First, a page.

Penny miles, camping trips and long walks - a happy guiding life
AS GIRL Guiding in England approaches its 100th birthday, Lesley Coates and Hilda Anderson have told the POST what it was like being a guide in 1930s Chadwell Heath. Just about every girl I knew then was in the guides says 88-year-old Lesley, who joined
AS GIRL Guiding in England approaches its 100th birthday, Lesley Coates and Hilda Anderson have told the POST what it was like being a guide in 1930s Chadwell Heath.
"Just about every girl I knew then was in the guides" says 88-year-old Lesley, who joined the 1st Chadwell Heath Guides around 1931. "You have to remember that in those days there weren't any other clubs to join or much else to do really. Not like there is today. So the boys joined the scouts and the girls joined the guides."
Lesley isn't too sure when the 1st Chadwell Heath Guides formed, but she thinks it may have been shortly after the 1st Chadwell Heath Scouts was started in 1909.
"I don't know much about the group's history. But when I joined they were based at Saint Chad's church in St Chad's Road. We were there for a couple of years, but when a new vicar took over the church there was a big falling out.
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"He decided his wife would run the guides, but we weren't having that. We wanted to keep our leader, so in the end we had to leave Saint Chad's."
For some time the group met at the Chadwell Mixed School in High Road, between Chadwell Heath and Goodmayes.
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During this time they helped raise funds to build a new hall for the 1st Chadwell Heath Scouts, who were and are still based in Cecil Road.
"I remember we collected a mile of pennies, which was about �240. Each girl would be given a strip, which had lots of little pockets on it.
"You would go around to everyone you knew and try to get the strip filled with as many pennies as possible."
After the new hall was completed the scouts offered the guides the use of their building, called Catterall Hall, and from then on it became their permanent base.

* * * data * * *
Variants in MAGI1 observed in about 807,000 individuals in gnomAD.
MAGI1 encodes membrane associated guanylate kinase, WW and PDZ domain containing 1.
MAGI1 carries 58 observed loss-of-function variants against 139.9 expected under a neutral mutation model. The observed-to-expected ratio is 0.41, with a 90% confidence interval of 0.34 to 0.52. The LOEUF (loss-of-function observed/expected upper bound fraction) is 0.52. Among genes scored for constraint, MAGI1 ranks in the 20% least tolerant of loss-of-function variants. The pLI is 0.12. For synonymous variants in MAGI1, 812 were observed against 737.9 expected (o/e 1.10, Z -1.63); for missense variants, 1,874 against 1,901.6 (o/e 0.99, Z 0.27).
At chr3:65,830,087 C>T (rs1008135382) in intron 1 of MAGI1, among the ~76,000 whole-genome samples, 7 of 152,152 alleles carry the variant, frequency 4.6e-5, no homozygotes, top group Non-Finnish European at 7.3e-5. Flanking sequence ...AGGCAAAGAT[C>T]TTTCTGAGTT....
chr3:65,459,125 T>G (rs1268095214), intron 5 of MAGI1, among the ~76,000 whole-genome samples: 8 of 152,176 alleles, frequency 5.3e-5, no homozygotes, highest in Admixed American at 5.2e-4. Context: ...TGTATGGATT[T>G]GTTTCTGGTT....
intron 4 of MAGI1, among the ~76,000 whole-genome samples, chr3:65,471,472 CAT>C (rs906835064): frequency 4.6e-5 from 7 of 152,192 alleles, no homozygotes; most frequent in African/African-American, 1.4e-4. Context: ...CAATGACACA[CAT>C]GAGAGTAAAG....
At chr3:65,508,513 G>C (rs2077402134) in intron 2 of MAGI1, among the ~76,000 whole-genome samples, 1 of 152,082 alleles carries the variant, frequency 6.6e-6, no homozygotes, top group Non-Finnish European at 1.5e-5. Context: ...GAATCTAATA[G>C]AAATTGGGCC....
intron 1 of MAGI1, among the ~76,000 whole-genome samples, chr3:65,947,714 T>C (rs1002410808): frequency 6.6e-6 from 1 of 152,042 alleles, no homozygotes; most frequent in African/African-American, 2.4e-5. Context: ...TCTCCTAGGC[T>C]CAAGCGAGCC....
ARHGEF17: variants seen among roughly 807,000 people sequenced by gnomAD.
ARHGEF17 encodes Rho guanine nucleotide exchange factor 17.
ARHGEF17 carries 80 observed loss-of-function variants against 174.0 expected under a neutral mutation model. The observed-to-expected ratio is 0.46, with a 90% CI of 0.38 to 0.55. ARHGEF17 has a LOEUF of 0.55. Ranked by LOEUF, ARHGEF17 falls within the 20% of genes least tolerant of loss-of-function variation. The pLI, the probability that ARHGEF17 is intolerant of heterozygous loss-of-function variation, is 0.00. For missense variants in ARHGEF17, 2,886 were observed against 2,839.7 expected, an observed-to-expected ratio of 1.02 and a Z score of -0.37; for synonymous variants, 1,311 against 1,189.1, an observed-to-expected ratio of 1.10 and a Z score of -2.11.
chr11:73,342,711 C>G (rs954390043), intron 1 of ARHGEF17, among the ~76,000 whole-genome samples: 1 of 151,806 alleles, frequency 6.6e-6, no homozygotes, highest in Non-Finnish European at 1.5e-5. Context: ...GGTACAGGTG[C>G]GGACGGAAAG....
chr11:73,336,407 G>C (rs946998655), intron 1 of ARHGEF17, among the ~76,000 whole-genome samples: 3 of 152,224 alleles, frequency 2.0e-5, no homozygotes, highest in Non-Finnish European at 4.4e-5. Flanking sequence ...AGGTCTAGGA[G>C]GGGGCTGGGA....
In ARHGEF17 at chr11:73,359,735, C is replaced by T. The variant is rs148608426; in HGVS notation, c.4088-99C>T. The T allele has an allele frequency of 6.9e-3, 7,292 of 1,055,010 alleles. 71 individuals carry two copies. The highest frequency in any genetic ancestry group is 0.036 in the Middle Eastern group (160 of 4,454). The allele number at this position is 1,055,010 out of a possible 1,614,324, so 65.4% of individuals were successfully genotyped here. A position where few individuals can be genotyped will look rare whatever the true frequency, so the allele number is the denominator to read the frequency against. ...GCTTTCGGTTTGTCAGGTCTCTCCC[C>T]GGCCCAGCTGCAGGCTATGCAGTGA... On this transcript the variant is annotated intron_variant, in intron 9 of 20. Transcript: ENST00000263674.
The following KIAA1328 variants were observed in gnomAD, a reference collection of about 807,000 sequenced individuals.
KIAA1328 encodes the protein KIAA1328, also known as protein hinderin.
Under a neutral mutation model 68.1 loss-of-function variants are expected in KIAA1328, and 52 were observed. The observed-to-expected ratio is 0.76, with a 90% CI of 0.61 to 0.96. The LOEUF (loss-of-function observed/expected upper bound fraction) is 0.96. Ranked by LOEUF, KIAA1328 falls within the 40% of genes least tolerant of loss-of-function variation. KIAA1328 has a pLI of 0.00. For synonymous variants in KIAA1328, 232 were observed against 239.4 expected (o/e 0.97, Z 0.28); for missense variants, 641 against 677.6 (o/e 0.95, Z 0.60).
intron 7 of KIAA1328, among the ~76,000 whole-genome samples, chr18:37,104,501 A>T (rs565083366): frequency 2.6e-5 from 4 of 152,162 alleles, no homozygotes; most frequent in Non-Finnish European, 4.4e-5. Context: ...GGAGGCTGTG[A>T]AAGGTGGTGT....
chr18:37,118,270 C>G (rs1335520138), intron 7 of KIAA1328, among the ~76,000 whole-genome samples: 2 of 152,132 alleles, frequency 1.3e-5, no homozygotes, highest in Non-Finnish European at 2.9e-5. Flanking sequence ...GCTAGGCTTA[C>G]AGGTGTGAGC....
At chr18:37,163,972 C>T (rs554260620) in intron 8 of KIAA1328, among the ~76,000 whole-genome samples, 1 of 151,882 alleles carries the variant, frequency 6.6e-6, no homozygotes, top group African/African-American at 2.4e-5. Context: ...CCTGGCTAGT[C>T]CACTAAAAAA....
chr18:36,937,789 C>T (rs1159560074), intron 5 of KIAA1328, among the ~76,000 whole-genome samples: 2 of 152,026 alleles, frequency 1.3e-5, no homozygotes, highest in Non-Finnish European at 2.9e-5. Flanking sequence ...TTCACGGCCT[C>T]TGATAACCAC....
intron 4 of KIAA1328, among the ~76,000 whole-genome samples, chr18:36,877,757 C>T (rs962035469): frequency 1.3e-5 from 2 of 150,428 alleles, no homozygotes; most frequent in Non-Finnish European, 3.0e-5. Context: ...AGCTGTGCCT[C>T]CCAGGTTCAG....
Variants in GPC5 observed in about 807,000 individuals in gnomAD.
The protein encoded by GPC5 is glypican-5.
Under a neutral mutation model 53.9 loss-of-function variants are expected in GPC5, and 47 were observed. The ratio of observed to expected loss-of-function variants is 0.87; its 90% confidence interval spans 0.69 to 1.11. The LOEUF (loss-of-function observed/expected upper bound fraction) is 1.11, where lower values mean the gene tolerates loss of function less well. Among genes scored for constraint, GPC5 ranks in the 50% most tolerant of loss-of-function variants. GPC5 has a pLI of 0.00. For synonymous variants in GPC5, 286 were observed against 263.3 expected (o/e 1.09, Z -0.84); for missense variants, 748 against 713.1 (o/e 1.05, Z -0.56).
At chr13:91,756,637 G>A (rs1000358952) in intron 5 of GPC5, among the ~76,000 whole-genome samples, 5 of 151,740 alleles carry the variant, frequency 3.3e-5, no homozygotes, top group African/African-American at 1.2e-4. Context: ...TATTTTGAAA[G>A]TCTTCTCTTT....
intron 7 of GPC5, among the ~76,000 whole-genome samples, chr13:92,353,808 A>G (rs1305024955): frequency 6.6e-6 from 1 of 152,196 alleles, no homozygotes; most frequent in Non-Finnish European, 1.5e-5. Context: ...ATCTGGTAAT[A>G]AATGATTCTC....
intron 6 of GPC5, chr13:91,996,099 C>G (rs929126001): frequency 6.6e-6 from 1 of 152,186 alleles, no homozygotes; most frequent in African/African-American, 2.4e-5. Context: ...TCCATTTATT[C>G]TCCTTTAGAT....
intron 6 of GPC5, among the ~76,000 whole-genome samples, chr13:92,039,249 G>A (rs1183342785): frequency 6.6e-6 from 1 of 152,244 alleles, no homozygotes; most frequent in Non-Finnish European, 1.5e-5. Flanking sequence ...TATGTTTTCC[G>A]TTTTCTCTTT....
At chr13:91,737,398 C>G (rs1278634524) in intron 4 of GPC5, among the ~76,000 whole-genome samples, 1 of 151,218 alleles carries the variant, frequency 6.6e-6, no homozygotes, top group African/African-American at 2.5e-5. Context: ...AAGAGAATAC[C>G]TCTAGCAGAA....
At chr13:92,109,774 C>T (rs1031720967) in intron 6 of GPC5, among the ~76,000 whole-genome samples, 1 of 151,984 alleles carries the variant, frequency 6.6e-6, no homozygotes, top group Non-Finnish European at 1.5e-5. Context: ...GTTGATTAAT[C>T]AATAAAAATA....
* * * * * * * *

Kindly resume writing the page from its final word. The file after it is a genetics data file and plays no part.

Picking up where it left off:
Lesley, who lived in Whalebone Lane North and later Tenvy Road as a child, says the girls would meet once a week for their girl guide meetings.
"We did the normal guide things: learnt our Guide Laws and collected the guide badges.
I also remember practising to tie knots, memorising the world flags and learning what made up the Union Jack."
And of course any girl guide experience wouldn't be complete without the adventurous camping trips.
"The camping trips I recall were to Frinton-on-Sea, Essex and cost �1 for the whole week.
"We would all be taken there in a lorry. We'd sit in the back, with all the tents and the food, which I think might break a few health and safety rules now."
"When we arrived we'd usually set up camp in a farmer's field. You could camp in just about any field, as long as you checked with the farmer first."
Lesley's friend and fellow Chadwell Heath Guide Hilda, also 88, shared some of her memories of the trips.
"I remember going for a lot of walks. And when it was time to eat we'd collect bits of twig for the camp fire and taking it in turns to cook - often sausages and boiled potatoes.
"We didn't have mattresses. Instead we'd bring a mattress cover and fill it with straw. It was a bit lumpy but we didn't care. We were happy."
Lesley added: "There was always a lot of singing around the camp fire.
"None of us could sing, but we all loved to do it anyway. One of our favourite songs was 'Underneath the Spreading Chestnut Tree.'"
As the guides got older they joined the rangers and would get together with the Scout's equivalent, the rovers, for a weekly walk.
"Every Sunday after church communion we would meet up with a group from the scouts and go for a long walk somewhere.
"Chadwell Heath was pretty countrified in those days so there were plenty of places to go. Once we lost our way and walked for 25 miles!"
After one of these walks the group decided to dress up as tramps and hold a tramp supper at Catterall Hall.
"The supper was just a picnic really, but we thought it would be fun to dress up. Not long after that photo was taken the war broke out.
"All those boys you can see in the photo were soon off fighting. I know two of the Chadwell Heath scouts were killed."
Both Lesley and Hilda left the Guides in the late 30s. They both got married (Lesley to a 1st Chadwell Heath Scout!), had children and later moved out of the area. But after all these years they still remain good friends.
1st Chadwell Heath Guides, however, disbanded a few years ago, and only the scouts remain.
Lesley has sent the POST a photo of her guide group and hopes someone may recognise themselves or friend or family member.